Ranger Kathryn's Arches

March 28, 2012

Target Ruin, you move me!

Filed under: Uncategorized — Kathryn Colestock-Burke @ 8:00 am
Tags: , , , , , , ,

This handsome ruin site held multiple families in the 13th century.
Its floor is a couple stories off the ground, accessible only by ladder (long gone).

Hidden in the canyons of San Juan County, Utah, lie countless ruin sites that have stolen my heart. This day Sam took me to a new one; I promptly fell in love with the neighborhood and felt that I could be very much at home here. The long ladder is missing, though; while I relish the ambience, I’d have trouble ascending. I may have to abandon my plans to move in.

These unusual incised glyphs are new to me.

Certainly it is one of the prettiest sites I’ve seen in a long time. On close inspection, what stands out to me after eight centuries is the “humanness” of the place. Painted handprints, geometric petroglyphs, ground-out ladder supports, sooty ceilings, pleasing views — all speak of the inhabitants who built it.

Fifty years ago a paragraph was written about magnificent Cliff House at Mesa Verde National Park. The author makes an emotional connection that has helped me experience all ancient sites in a new way:

“Unfortunate indeed, is he who views this ancient city and sees only the towering walls. Unfortunate because the stones are the least important part. [The ruin] is really built on the hopes and desires, the joys and the sorrows of the industrious people. It is not a cold empty city, for it’s still warm with the emotions of its builders. In each fingerprint and tool mark lies the prayers of a young couple for a home filled with children and happiness. Each storage bin is chinked with a farmer’s prayers for a bountiful harvest. In each plastered kiva wall is an ancient priest’s reverence for his gods. A pot is not just a piece of baked clay: it is an ancient potter’s molded prayer for beauty and strength. Each solid wall is a testimony of the success; each shattered human bone, each broken jar, is an admission of defeat.”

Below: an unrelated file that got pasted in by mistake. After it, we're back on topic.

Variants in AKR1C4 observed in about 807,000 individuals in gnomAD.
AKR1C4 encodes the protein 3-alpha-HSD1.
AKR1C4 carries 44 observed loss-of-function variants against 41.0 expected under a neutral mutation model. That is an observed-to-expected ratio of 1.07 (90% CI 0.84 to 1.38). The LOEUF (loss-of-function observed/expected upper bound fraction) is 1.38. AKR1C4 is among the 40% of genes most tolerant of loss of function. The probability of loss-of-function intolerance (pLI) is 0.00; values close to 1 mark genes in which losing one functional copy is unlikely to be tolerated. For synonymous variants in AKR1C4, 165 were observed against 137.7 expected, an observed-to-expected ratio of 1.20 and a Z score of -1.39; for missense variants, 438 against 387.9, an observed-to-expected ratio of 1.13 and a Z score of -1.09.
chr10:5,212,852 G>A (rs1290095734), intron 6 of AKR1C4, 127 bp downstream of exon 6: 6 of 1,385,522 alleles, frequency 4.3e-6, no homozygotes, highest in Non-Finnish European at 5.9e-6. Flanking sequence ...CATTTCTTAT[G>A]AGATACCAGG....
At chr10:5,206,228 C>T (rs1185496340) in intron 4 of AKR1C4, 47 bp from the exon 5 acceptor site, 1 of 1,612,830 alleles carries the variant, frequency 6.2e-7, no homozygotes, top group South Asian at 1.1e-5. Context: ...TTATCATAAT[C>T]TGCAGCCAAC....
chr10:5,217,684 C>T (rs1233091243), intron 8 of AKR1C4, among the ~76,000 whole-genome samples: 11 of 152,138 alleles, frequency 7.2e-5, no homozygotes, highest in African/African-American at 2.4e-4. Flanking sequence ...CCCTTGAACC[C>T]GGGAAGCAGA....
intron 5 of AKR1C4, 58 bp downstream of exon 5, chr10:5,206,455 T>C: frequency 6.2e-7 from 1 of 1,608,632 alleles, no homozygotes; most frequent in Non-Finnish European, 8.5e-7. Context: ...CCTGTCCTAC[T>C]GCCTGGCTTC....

— Don Watson, The Indians of the Mesa Verde

Hopelessly captivated by the resilience and resourcefulness of ancient dwellers, I look forward to future explorations. It’s one thing to see displays in a museum; another entirely to encounter these places in the real world, where each of my senses adds further understanding, providing the ‘gestalt’ instead of isolated bits. It’s wonderful, and sweet, and rich beyond telling.

Using dendrochronology, scientists can date the cutting of these logs. The tree rings are distinctive enough that highly accurate dates can be obtained. I don't have a number for this batch yet.

March 25, 2012

Shards, shards, shards

Filed under: Uncategorized — Kathryn Colestock-Burke @ 7:52 am
Tags: , , , , , , ,

Black-on-White pottery shards at San Juan County, Utah, ruin site.
Note that some have painted rims.